Farnsworth acknowledges having had a tough time his first couple of years in New York, but he says the fans' booing isn't anything that's bothered him.

"Nothing I can do about it," he said. "The important thing is that I never lost confidence in myself and what I can do."

That may be the most cliched thing I've ever heard. I'm just saying is all.

Farnsworth is as fit as any player in the major leagues. He works out five days a week in the offseason, a little less during the season. His typical lunch is grilled chicken and rice. His typical breakfast is eggs and/or oatmeal. He'll mix in a steak here and there for dinner, or a baked sweet potato. He'll even have a cheeseburger every now and then. He has no sweet tooth, so he's able to lay off the desserts -- you're far more likely to find him sipping on a protein shake than dipping into the clubhouse's ice cream freezer -- but most of his nutrition program is sensible.

So, he talks to second graders, and "most of his nutrition program is sensible"? Wow, this was really worth writing a column about, wasn't it?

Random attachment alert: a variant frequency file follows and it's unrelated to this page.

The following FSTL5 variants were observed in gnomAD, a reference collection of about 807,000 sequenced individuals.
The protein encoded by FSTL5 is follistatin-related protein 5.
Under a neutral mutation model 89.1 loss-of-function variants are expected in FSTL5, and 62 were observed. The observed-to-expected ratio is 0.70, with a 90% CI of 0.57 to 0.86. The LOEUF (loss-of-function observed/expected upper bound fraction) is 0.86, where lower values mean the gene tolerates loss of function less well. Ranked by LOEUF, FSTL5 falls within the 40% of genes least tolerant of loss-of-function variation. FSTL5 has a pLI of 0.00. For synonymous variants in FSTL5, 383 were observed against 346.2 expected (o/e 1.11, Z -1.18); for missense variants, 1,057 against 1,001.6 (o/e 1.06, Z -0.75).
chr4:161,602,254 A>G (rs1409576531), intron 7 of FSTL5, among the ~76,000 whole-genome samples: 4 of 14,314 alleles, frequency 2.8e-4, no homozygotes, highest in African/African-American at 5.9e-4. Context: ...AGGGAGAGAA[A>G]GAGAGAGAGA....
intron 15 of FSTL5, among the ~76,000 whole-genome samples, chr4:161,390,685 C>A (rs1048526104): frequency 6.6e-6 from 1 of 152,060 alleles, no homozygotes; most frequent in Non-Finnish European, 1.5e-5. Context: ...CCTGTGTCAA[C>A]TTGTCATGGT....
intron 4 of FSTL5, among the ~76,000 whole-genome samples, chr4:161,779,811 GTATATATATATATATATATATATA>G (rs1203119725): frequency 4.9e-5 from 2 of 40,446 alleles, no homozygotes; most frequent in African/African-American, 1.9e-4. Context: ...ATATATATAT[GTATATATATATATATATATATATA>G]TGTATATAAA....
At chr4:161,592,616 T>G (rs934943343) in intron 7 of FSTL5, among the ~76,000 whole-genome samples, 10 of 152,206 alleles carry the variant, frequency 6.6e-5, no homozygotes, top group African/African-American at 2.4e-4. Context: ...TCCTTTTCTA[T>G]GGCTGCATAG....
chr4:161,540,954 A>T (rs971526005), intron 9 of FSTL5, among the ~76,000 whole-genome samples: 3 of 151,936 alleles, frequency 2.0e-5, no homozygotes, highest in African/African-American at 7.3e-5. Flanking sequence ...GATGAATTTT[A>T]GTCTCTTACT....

I feel pretty much the same way about this post. Let me make it up to you with a YouTube clip that is guaranteed to cause infinite happiness...

Come on...wasn't that awesome?

Rick Reilly sucks balls at Sportswriting AND Poetry

True Story: A number of years ago, while at WPCR (Pretentious College Radio) at Ivy League U, I interviewed a member of the 1972 Miami Dolphins (not Mercury Morris). We talked a bit about that season, and at one point the player mentioned that every year they celebrate their accomplishment when the last undefeated team loses. This was long before the Patriots made their run, but every year, some sportswriter someplace would write a column about how the '72 Dolphins are grumpy old men who need to shut the fuck up and go away. Rick Reilly had relatively recently written one such column.